Moreover, sentences imposed by courts in criminal cases necessarily send messages, whether direct or subtle, to those who read or otherwise learn of the sentence. See State v. Pappas, 337 N.W.2d 490, 494 (Iowa 1983) (involving perjury and theft by a lawyer and sending messages to lawyers and public that dishonesty in the legal profession will not be tolerated); State v. Farnum, 397 N.W.2d 744, 750 (Iowa 1986) (involving sexual abuse and sending a message to the defendant and others in the community that such conduct will not be tolerated); see also Iowa Code § 901.5 (allowing courts to consider the need “for the protection of the community from further offenses by the defendant and others”). Thus, Bentley's objection boils down to the propriety of the specific target of the message identified by the sentencing court in this case. However, a targeted message is merely a means to improve the effectiveness of communicating the message. As long as the message itself is not improper, as in this case, it is not improper to direct the message to a specific individual or group.
We affirm the judgment and sentences for first-degree kidnapping and first-degree murder.
1. J.G.'s grandmother testified: “Well, he went and said good night to-when I put [J.G.'s sister] to bed, he said good night. And when I put [J.G.'s brother] to bed, he said good night. And then he went around to the front door and then-it was about 8:00 and then he left. Then I went down and locked the door.”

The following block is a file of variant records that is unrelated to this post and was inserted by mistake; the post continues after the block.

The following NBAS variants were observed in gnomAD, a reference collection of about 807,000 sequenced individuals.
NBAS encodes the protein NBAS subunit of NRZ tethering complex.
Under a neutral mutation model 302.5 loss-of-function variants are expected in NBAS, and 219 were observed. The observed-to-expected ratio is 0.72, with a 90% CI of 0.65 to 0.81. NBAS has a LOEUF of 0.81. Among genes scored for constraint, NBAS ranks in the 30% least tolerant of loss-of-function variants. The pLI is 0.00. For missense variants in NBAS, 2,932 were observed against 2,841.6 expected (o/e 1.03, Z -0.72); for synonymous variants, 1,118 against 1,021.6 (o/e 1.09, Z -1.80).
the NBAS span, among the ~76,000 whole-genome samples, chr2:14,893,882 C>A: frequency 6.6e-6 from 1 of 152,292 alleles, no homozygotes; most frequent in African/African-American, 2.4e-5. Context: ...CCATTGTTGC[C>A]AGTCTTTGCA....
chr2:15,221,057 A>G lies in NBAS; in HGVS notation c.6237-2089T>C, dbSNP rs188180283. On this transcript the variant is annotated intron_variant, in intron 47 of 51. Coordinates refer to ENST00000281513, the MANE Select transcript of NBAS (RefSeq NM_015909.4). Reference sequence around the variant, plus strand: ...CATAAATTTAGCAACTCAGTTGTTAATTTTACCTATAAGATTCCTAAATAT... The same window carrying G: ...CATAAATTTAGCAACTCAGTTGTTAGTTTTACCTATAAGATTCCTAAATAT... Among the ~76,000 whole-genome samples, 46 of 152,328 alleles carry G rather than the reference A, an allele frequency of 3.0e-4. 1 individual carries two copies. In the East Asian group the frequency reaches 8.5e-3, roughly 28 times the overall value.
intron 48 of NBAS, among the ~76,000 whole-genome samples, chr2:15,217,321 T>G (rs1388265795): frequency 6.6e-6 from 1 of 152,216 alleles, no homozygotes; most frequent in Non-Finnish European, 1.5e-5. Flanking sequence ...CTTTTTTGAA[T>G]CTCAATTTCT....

2. “The AMBER alert program is a cooperative effort of the department of public safety, the department of transportation, the lottery authority, the Iowa association of broadcasters, the Iowa state association of sheriffs and deputies, local law enforcement agencies, and the national weather service.” Iowa Admin. Code r. 661-89.200 (2003).
3. Bentley also argues the State failed to prove beyond a reasonable doubt that Bentley did not have consent to remove J.G. In his reply brief, however, Bentley concedes this argument was not preserved for appellate review.
4. Bentley argues the general guilty verdict on the kidnapping count cannot stand. He argues there is no way of knowing whether he was convicted on the arguably unsupported removal theory-meaning the possibility exists that he was convicted on some quantum of evidence less than the constitutionally mandated proof beyond a reasonable doubt. Again, this is a nonissue because the removal theory was supported by ample circumstantial evidence.
5. Necromancy is defined as “1a(1): the art or practice of magically revealing the future, of magically influencing the course of natural events, or of magically attaining other purposes esp. through communication with and intervention of the dead (2): the art or practice of magically conjuring up the souls of the dead b: magic in general esp. when directed toward attainment of evil purposes: WITCHCRAFT, SORCERY.” Webster's Third New International Dictionary 1511 (unabr. ed. 2002).
All justices concur except BAKER, J., who takes no part.